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Banah Graf arranged turtle shapes
into repetitive patterns in this regular tessellation.

The Weave of the World:
What's Dance Got To Do With Math?   Just About Everything.

Reiner and Lang introduced students to the masterworks of the Dutch graphic artist Maurits Cornelis Escher and the American dance company Pilobolus, based in rural Connecticut but known to audiences worldwide. These artists create geometric patterns in highly innovative and dynamic ways. Students examined Escher's precise and fantastic worlds, delighting his engravings of morphing triangles, lizard mosaics, and staircases that trick the eye. They were intrigued by the ways in which the artist plays with natural phenomena -gravity, optics, and spatial dimensions.

They watched on videotape how Pilobolus undertakes similar explorations in dance. The leotard-clad dancers create geometric shapes and patterns with their bodies, joining hands and feet, or entwining in improbable clusters of torsos and appendages, only to metamorphose into new forms and patterns.

Early in the project, students completed worksheets on lines of symmetry and practiced arranging polygons into regular and semiregular tessellations. They drew their own tessellations by combining polygons into imaginative and colorful images-such as goldfish, foxes, and sunbursts-and arranging them into repetitive patterns. When Goodman, an accomplished professional dancer and seasoned instructor at Buckman Elementary in Portland, agreed to collaborate with Lang and Reiner on their project, he sat in on several classroom activities to familiarize himself with the concepts students were learning. He then began meeting with students in the school's auditorium.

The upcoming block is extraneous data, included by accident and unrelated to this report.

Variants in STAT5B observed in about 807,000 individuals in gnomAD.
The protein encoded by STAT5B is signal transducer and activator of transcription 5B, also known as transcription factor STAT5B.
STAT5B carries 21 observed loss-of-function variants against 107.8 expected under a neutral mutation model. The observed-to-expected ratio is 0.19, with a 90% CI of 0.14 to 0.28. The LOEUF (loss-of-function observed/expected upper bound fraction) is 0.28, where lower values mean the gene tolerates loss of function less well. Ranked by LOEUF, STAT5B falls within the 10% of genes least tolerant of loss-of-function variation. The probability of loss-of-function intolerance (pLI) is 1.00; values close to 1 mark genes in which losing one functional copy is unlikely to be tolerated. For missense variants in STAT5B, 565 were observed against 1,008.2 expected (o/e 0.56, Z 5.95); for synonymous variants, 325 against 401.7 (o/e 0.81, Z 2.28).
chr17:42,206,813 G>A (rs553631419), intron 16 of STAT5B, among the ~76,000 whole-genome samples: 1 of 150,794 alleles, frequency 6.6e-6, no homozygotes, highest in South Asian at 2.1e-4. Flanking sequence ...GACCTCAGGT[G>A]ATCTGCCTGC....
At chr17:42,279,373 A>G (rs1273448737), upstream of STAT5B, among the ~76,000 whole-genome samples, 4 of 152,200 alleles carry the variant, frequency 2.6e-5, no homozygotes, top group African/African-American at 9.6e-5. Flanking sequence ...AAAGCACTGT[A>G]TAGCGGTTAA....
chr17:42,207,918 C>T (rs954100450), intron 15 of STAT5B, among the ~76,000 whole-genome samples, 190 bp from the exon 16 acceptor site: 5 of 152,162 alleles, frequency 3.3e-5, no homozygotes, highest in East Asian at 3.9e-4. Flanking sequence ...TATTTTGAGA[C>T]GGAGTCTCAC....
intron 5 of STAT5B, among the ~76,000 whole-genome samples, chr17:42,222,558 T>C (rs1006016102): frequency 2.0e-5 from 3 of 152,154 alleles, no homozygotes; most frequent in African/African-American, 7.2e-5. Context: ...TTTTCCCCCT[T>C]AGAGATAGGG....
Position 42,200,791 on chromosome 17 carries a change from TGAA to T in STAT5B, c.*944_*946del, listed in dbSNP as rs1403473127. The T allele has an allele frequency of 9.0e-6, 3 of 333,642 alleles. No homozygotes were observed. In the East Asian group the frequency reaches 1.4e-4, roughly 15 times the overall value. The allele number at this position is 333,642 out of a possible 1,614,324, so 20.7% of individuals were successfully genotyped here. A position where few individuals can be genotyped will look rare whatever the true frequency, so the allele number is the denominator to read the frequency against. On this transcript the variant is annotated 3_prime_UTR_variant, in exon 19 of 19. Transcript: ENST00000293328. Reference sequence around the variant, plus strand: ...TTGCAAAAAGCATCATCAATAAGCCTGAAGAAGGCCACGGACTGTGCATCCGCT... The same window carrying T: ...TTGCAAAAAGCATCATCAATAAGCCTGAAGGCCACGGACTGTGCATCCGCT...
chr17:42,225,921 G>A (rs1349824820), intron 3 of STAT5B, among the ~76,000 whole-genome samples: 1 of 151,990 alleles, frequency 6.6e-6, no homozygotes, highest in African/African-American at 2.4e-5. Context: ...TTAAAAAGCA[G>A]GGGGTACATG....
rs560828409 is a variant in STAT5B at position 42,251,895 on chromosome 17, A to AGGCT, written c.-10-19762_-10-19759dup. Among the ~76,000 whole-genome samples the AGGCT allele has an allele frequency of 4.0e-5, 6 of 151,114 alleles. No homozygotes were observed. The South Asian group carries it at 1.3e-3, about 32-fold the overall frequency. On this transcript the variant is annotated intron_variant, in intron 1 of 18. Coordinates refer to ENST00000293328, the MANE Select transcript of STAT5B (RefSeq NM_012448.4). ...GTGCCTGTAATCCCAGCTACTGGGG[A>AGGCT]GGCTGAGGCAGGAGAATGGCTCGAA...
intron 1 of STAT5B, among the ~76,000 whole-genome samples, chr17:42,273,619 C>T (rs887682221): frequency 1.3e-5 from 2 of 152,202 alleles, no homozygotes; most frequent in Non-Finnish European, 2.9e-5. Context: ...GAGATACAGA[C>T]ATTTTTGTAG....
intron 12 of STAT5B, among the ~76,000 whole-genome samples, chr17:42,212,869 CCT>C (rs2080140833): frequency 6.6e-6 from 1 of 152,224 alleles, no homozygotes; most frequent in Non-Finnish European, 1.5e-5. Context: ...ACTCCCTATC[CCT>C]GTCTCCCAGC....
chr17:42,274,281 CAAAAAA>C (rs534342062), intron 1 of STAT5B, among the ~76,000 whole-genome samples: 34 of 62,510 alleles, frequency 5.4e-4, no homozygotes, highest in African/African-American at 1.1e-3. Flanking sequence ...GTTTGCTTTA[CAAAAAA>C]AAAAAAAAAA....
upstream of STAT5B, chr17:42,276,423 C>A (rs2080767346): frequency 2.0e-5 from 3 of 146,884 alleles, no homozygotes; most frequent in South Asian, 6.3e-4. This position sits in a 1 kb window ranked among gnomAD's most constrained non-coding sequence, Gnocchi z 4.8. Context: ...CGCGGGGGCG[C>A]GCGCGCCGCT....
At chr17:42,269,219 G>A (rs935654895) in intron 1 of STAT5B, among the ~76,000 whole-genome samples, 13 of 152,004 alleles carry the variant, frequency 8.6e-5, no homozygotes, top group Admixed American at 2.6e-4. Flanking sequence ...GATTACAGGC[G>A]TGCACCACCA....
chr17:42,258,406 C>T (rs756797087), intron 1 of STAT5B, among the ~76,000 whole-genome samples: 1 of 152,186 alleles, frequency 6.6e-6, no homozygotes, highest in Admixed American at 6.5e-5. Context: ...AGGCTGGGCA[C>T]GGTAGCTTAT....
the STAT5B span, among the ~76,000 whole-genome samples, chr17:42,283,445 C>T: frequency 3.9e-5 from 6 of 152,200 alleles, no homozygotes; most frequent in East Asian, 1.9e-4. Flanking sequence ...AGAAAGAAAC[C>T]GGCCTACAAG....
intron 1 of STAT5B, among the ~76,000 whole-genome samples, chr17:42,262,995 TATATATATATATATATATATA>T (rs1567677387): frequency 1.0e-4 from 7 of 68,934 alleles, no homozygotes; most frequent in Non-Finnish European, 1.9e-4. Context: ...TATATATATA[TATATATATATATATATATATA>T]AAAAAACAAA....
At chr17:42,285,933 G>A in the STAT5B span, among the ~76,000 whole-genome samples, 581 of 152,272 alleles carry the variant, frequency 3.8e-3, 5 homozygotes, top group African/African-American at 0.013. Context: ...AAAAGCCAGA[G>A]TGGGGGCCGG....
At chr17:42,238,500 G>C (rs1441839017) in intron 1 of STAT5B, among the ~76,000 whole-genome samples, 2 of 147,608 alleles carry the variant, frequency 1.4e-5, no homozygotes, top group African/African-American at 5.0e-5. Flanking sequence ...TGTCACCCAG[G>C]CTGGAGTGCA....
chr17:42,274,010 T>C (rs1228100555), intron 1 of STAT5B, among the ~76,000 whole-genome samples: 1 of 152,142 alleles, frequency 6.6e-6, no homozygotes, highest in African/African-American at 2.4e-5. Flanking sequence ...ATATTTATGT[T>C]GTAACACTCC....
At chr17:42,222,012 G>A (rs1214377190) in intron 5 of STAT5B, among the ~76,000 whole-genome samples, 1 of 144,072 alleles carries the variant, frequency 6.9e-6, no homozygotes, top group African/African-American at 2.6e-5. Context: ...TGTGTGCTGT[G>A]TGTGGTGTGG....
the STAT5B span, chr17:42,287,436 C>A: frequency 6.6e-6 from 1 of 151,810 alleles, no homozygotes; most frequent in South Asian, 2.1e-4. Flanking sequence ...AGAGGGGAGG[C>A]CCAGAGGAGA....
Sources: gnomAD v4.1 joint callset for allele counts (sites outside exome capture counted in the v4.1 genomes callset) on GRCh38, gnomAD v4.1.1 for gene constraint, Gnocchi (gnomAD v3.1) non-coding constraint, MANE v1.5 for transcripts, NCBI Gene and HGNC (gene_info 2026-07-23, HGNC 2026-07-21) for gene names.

Goodman captured the students' attention and imagination, and they worked with high energy and focus. He taught them to choreograph movement tessellations-brief dances or drill routines that combine the geometric principles students had been studying in the classroom. The auditorium echoed with young voices quickly mastering and mingling the two vocabularies of dance and mathematics.

"The arts are an integral part of mathematics, especially in the field of geometry," says Reiner. "If you don't relate mathematics to the real world, to such things as dance, you're doing a disservice to students. There is so much that you can get out of studying the arts that will help you to understand mathematics, it's incredible."

Lang agrees: "By bringing in the arts, students see that mathematics is not just present when they're sitting in their chairs in the classroom. It's all around-schools of fish, patterns in the sky, the flow of traffic. It all has a mathematical pattern."     more...